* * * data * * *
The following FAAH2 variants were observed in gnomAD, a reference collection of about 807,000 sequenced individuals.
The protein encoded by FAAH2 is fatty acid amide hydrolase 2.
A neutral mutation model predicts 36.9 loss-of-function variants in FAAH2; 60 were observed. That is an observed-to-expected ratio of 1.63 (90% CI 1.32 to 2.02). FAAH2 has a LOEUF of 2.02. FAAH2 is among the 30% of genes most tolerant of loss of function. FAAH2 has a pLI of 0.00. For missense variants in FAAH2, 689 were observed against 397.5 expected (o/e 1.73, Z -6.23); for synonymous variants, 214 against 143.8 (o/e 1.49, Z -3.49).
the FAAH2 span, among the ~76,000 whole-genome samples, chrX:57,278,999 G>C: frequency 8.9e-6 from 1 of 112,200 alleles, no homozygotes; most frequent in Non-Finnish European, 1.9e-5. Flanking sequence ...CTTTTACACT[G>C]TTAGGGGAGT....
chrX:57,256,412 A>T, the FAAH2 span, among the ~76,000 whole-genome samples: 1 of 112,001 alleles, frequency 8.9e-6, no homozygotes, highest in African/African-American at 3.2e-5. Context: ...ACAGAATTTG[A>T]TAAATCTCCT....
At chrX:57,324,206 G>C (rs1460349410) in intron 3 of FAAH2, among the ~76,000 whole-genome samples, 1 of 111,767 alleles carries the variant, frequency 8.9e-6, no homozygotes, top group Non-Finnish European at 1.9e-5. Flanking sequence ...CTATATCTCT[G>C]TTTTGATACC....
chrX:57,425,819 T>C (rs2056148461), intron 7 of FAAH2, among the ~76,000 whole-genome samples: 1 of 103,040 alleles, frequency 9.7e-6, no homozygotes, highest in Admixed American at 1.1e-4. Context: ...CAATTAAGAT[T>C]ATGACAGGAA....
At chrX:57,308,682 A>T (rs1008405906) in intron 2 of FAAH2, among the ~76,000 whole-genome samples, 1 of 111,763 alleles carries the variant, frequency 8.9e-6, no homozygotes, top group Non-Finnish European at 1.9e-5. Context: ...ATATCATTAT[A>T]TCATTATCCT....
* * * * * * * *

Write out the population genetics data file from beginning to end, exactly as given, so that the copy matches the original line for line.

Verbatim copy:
The following FAAH2 variants were observed in gnomAD, a reference collection of about 807,000 sequenced individuals.
The protein encoded by FAAH2 is fatty acid amide hydrolase 2.
A neutral mutation model predicts 36.9 loss-of-function variants in FAAH2; 60 were observed. That is an observed-to-expected ratio of 1.63 (90% CI 1.32 to 2.02). FAAH2 has a LOEUF of 2.02. FAAH2 is among the 30% of genes most tolerant of loss of function. FAAH2 has a pLI of 0.00. For missense variants in FAAH2, 689 were observed against 397.5 expected (o/e 1.73, Z -6.23); for synonymous variants, 214 against 143.8 (o/e 1.49, Z -3.49).
the FAAH2 span, among the ~76,000 whole-genome samples, chrX:57,278,999 G>C: frequency 8.9e-6 from 1 of 112,200 alleles, no homozygotes; most frequent in Non-Finnish European, 1.9e-5. Flanking sequence ...CTTTTACACT[G>C]TTAGGGGAGT....
chrX:57,256,412 A>T, the FAAH2 span, among the ~76,000 whole-genome samples: 1 of 112,001 alleles, frequency 8.9e-6, no homozygotes, highest in African/African-American at 3.2e-5. Context: ...ACAGAATTTG[A>T]TAAATCTCCT....
At chrX:57,324,206 G>C (rs1460349410) in intron 3 of FAAH2, among the ~76,000 whole-genome samples, 1 of 111,767 alleles carries the variant, frequency 8.9e-6, no homozygotes, top group Non-Finnish European at 1.9e-5. Flanking sequence ...CTATATCTCT[G>C]TTTTGATACC....
chrX:57,425,819 T>C (rs2056148461), intron 7 of FAAH2, among the ~76,000 whole-genome samples: 1 of 103,040 alleles, frequency 9.7e-6, no homozygotes, highest in Admixed American at 1.1e-4. Context: ...CAATTAAGAT[T>C]ATGACAGGAA....
At chrX:57,308,682 A>T (rs1008405906) in intron 2 of FAAH2, among the ~76,000 whole-genome samples, 1 of 111,763 alleles carries the variant, frequency 8.9e-6, no homozygotes, top group Non-Finnish European at 1.9e-5. Context: ...ATATCATTAT[A>T]TCATTATCCT....